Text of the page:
Loneliest people in Canada live in Toronto, Mississauga, Brampton and southern Ontario
Published November 15, 2023 at 3:32 pm
If you live in Toronto or the GTA and you feel like you spend too much time solo or don’t have many friends, you are not alone in your loneliness.
According to the Toronto Foundation’s recent Vital Signs 2023 Special Report, people who live in Toronto and the Toronto Census Metropolitan Area (CMA), which includes Mississauga and Brampton and the overall Peel, Halton, York and Durham regions, are lonelier than people in other parts of Canada.
And they’re getting lonelier despite the lifting of pandemic-related restrictions.
The report says that in 2018, 55 per cent of surveyed Torontonians said they had many close friends and family members. In 2022, that number dropped to just 44 per cent of respondents.
The percentage of people who report feeling lonely three days a week in Canada overall is 28 per cent. In Toronto, that percentage sits at 37 per cent and in the GTA, it’s 35 per cent–higher than the Canadian average.
In Calgary and Edmonton and cities surrounding both municipalities, 28 per cent of respondents reported feeling lonely. The same number of people outside the GTA also reported feelings of loneliness.
In Vancouver, 23 per cent of those surveyed said they were lonely, while just 17 per cent of Montreal residents reported feeling the same.
Other areas showed similar levels of loneliness as the GTA, with 35 per cent of Maritimers reporting feelings of isolation. In Atlantic Canada, 33 per cent reported feeling lonely. In the Prairies, 29 per cent said they were lonely and in Quebec, the number reached 23 per cent.
In Ontario overall, 31 per cent of people feel lonely.
The report says that loneliness is a serious health issue, noting that a 2017 study found that lacking a social network is as dangerous as smoking 15 cigarettes a day. The same study found loneliness more dangerous than alcohol consumption, physical inactivity, obesity and air pollution. The report says isolation can increase one’s risk of developing heart disease by 30 per cent and early dementia by 50 per cent. It also increases a person’s susceptibility to addiction, obesity and suicide.
The report says 43 per cent of respondents with few close friends or family report fair or poor mental health, compared to 17 per cent of those with very many close friends or family.
According to the report, at least 925,000 adult Toronto residents felt lonely on at least three days in the last week of spring 2023. Only 39 per cent reported never or rarely feeling lonely across the GTA and 33 per cent in Toronto proper.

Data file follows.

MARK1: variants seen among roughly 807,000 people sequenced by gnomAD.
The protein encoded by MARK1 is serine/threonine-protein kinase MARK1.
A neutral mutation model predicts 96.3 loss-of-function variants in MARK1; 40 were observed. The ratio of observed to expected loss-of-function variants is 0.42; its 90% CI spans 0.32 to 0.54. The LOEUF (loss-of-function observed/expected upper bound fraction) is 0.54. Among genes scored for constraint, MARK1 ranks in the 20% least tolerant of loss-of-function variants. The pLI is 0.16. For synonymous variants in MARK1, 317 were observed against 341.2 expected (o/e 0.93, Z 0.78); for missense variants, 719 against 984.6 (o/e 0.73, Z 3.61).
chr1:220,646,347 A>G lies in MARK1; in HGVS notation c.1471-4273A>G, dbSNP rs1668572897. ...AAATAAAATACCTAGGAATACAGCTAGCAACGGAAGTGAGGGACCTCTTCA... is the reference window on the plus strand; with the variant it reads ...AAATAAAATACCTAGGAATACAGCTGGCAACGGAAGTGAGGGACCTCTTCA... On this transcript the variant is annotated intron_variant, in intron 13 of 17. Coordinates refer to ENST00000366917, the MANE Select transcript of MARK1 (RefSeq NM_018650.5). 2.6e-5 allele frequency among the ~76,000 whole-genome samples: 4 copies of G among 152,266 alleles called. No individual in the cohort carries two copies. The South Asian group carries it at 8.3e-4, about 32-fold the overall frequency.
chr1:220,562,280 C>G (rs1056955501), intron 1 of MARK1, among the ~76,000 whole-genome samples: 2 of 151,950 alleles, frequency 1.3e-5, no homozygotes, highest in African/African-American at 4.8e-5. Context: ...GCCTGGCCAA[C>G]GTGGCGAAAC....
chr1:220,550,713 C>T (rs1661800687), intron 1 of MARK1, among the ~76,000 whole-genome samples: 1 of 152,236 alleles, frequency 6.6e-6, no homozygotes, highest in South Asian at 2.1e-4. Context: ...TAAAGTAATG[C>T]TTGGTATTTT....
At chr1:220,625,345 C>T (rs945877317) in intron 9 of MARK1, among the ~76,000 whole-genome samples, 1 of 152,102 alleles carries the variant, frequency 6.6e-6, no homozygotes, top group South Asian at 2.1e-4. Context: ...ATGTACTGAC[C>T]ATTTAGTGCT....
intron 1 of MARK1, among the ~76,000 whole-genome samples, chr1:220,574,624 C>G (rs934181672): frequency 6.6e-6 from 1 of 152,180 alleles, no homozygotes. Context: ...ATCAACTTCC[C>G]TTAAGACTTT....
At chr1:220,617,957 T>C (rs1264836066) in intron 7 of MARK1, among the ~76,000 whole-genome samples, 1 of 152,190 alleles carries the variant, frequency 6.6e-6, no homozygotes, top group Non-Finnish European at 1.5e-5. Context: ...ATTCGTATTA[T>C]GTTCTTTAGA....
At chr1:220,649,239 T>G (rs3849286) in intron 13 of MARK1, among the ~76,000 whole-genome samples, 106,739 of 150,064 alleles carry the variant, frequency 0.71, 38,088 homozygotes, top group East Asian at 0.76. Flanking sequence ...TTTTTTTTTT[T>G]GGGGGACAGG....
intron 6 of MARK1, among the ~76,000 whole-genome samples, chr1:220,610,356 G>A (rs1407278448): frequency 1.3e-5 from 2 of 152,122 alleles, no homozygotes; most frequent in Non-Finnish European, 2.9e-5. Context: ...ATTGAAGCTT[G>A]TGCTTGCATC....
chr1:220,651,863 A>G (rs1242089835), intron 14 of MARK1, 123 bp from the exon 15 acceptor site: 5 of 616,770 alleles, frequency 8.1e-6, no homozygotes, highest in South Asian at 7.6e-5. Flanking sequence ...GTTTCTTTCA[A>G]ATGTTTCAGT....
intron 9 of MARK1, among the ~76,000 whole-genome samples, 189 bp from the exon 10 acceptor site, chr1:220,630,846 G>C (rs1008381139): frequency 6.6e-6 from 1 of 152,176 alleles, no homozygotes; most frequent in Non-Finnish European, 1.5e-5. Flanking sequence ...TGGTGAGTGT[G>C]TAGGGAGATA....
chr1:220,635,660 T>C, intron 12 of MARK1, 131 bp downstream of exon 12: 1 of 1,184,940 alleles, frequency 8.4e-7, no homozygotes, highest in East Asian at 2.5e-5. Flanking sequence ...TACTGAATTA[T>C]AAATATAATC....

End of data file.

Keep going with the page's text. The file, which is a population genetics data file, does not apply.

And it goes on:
“As a society, we tend to take a crisis lens on illness, so we fund more hospital beds, more psychologists, more crisis lines — the things that help people when they get sick. But these are just bandages, not solutions,” said Pete Bombaci, founder and executive director of the GenWell Project, in the report.
“With this research, we can educate people on the importance of social connection, like we have with physical activity, balanced eating and proper sleep, so they can prioritize their social health as well.”
The report says that it’s more than just geography that predisposes some people to loneliness.
Across Canada, 44 per cent of respondents between the ages of 18 and 24 reported feeling lonely at least three days of the last week, as did 52 per cent of adult students, 42 per cent of those with financial challenges, 41 per cent of those with a disability and 38 per cent of those who are unemployed.
While COVID-19 restrictions kept people apart for extended periods, the report says social networks were already contracting before the pandemic.
The report says people with smaller friend networks are less likely to donate, volunteer, participate in groups or be interested in politics. The report also says rates of school-based loneliness more than doubled between 2013 and 2018 (from 17 per cent to 35 per cent) in Canada.
The report says that in 2021, 38 per cent of teen students in Ontario reported fair or poor mental health, up from 27 per cent in 2019, with female students reporting the most significant impacts on their mental health.
Only 11 per cent reported fair or poor mental health in 2007.
“This appears to be part of a global trend, where most countries — including Canada — have seen the percentage of students with high-school loneliness double even before the pandemic, from 2012 to 2018,” the report says, adding that the pandemic is having knock-on effects on student well-being.
“The pandemic has resulted in learning loss, particularly in younger students and in mathematics. Students from low-income backgrounds may be at increased risk.
That said, the report says grades and graduation rates are higher than before the pandemic in Toronto, with more students going on to post-secondary education. Significant improvements have also been seen among Black and Indigenous students.
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